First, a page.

As soon as the news broke that Birmingham’s Labour controlled Council is going to introduce wheelie bins – the complaints started coming in. On the phone, and people stopping me in the street when I was out delivering Special Rubbish leaflets in the ward this morning.
It’s not surprising really, because many people are not at all happy to be told they will each be given three wheelie bins to accommodate. It isn’t always possible to get them from the front to the back of a property easily (even with relatively large houses in places like Edgbaston because, in a city, most people don’t have wide expanses of land at the side of their properties, and so it can all depend on how wide the side gate is – presuming the house has a side passage/entrance which not everyone does of course – as to whether the bins can be acommodated at the back of a property or not. Hills also make it difficult – and Birmingham is a very hilly place. The name Harborne (where I live) actually means “high brow” and the ward is full of hilly roads.
The alternative however – the idea of wheelie bins left permanently outside the front of properties – fills many people with understandable horror, but you can bet it will happen all across the city.
The evidence Cllr John Hunt showed at a previous Council meeting should have left no-one in any doubt, that huge numbers of people in Birmingham don’t want wheelie bins, so a politician who pushes through such a scheme in the face of such huge opposition is making what the Civil Servants in “Yes Minister” used to sarcastically call “a brave decision, Minister” (or in Birmingham’s case “a brave decision, Cabinet Member.”)
To be described in the local paper as being “thrilled” to introduce such an unpopular policy (as was said in yesterday’s Birmingham Mail) counts, in my book, as “a VERY brave decision, Cabinet Member” (in other words, it could turn out to be suicidal).
Needless to say, when people have complained about the policy to me, I have told them very plainly exactly who is responsible for introducing it. The money may have been granted by the coalition Government, but it is Birmingham’s Labour Councillors who want to spend it on wheelie bins, something the Conservatives and Lib Dems locally said they would not do.
Even those people who are currently in favour of the idea might not be quite so thrilled when the specifics are explained. For example, having recently changed the bin collection day for people all across the city, this is likely to have to be done again since I doubt the crews will be able to empty as many wheelie bins in a round as they can black bags. If the rounds aren’t exactly the same size as now, it follows that there will have to be changes to them, causing a knock on effect around the city – leading almost certainly to a change in bin day for many people. That’ll go down well (not).
Secondly, if you have a very large family, or if you wanted to have a grand clear out, currently there is nothing to stop you buying extra black bags at the supermarket, and putting out say 6 or 8 at a time (every week if you liked). Providing the stuff is in black bags, it will be taken away.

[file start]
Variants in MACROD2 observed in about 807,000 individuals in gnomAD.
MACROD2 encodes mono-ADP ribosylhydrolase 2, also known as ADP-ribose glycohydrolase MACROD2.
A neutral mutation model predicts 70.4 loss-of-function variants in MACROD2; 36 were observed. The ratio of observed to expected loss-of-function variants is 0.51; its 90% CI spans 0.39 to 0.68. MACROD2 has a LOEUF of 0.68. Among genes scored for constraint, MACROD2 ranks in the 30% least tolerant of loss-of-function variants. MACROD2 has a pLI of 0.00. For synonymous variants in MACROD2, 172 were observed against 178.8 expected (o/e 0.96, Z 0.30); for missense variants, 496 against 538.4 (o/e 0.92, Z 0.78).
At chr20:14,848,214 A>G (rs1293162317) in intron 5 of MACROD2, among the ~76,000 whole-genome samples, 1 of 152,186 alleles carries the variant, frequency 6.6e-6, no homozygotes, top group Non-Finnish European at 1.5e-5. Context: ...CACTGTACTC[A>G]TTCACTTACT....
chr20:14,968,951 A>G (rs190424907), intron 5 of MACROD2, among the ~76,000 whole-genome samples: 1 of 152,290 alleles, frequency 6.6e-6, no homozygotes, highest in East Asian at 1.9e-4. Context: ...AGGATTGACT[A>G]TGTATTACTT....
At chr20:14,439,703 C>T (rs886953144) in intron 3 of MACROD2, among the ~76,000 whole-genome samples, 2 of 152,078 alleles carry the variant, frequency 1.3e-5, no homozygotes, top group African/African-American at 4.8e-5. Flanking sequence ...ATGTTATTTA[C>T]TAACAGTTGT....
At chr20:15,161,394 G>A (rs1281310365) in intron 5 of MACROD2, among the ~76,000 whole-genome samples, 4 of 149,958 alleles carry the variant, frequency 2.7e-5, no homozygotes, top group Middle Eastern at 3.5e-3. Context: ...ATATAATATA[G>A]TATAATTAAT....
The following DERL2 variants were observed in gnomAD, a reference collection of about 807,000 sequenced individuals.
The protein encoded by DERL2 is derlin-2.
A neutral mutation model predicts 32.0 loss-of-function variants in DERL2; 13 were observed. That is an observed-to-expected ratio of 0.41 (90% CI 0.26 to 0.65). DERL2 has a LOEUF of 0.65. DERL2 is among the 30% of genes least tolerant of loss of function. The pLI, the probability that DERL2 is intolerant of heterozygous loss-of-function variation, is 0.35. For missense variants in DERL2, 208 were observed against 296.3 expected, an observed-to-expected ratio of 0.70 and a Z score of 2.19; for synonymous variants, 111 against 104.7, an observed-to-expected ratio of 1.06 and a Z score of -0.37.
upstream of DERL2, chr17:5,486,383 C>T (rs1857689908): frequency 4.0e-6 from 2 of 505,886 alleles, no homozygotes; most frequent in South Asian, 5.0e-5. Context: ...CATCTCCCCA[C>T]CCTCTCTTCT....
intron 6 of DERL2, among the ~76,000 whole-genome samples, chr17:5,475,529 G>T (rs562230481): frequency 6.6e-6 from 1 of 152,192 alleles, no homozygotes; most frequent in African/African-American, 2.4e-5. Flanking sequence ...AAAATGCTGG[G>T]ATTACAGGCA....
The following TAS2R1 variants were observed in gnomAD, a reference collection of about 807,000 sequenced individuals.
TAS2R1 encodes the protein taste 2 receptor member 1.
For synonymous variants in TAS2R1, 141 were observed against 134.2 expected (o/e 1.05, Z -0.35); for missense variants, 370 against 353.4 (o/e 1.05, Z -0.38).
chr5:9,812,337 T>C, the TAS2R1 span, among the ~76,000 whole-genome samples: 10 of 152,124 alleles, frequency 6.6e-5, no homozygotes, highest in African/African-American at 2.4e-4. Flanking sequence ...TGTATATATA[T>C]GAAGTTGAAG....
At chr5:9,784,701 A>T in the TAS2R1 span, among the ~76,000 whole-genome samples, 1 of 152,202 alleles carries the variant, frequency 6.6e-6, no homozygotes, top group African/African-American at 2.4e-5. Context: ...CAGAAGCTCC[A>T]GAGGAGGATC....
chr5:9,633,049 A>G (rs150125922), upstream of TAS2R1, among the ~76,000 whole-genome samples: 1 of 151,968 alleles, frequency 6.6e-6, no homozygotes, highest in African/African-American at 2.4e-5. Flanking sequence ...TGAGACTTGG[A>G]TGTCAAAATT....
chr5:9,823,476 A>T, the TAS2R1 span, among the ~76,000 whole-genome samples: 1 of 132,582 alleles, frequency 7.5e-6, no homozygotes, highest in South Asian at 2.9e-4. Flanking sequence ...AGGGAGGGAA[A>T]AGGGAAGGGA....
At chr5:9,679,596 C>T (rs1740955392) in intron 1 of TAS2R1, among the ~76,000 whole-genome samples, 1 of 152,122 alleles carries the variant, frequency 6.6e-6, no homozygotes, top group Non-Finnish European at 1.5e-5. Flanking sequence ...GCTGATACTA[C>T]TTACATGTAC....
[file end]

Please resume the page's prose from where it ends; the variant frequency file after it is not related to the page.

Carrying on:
I suspect this will not be the case once wheelie bins are introduced. Since one of the main reasons for the scheme is to encourage more recycling, I assume it is very likely that only rubbish which fits IN the wheelie bin will be taken away, and that anything piled beside it in bags will be left. In other words, for those households who put out a lot of rubbish, they may well find they get less collected than they do now – even though the container provided is bigger. Of course, they should be recycling more. And many of us do, and probably more will. But will everyone? Or will some people continue to put out extra bags beside their wheelie bins which will be left in the street?
Alternatively, will the Council decide it WILL take the extra bags in which case the aim of recycling more goes out of the window? Decisions, decisions! Presumably the Labour Councillors have thought through all these scenarios. If they haven’t they should have.
Obviously there is a long way to go yet. There’s supposed to be a consultation – though whether individuals who don’t fancy wheelie bins will be able to opt out is extremely unlikely I would have thought. Entire roads may be taken out if they are completely unsuitable for wheelie bins, but the odd house here and there? I doubt it! (Though from some of the complaints I have received it is clear some people DO think they personally will be able to opt out even if the rest of their road is given wheelie bins. The logistics of that would be a complete nightmare so I think they could be in for a nasty shock. But if Labour DO decide to let individuals decide whether to opt in or out, they will have to send two different crews to each road – and the cost will be enormous.)
There will also have to be negotiations with the unions – that could take a while.
There will have to be a roll out across the city – which has around 360,000 houses as I recall. The date of April 1st next year is being quoted. That might be the start but I very much doubt it will be the end of the process. The roll out could be dragging on for months, even towards the next local elections in 2014.
Introducing an unpopular decision just before crucial local elections? Now that isn’t just a “brave decision” or even “a VERY brave decision”. In my book that’s ” a VERY VERY brave decision, Cabinet Member!”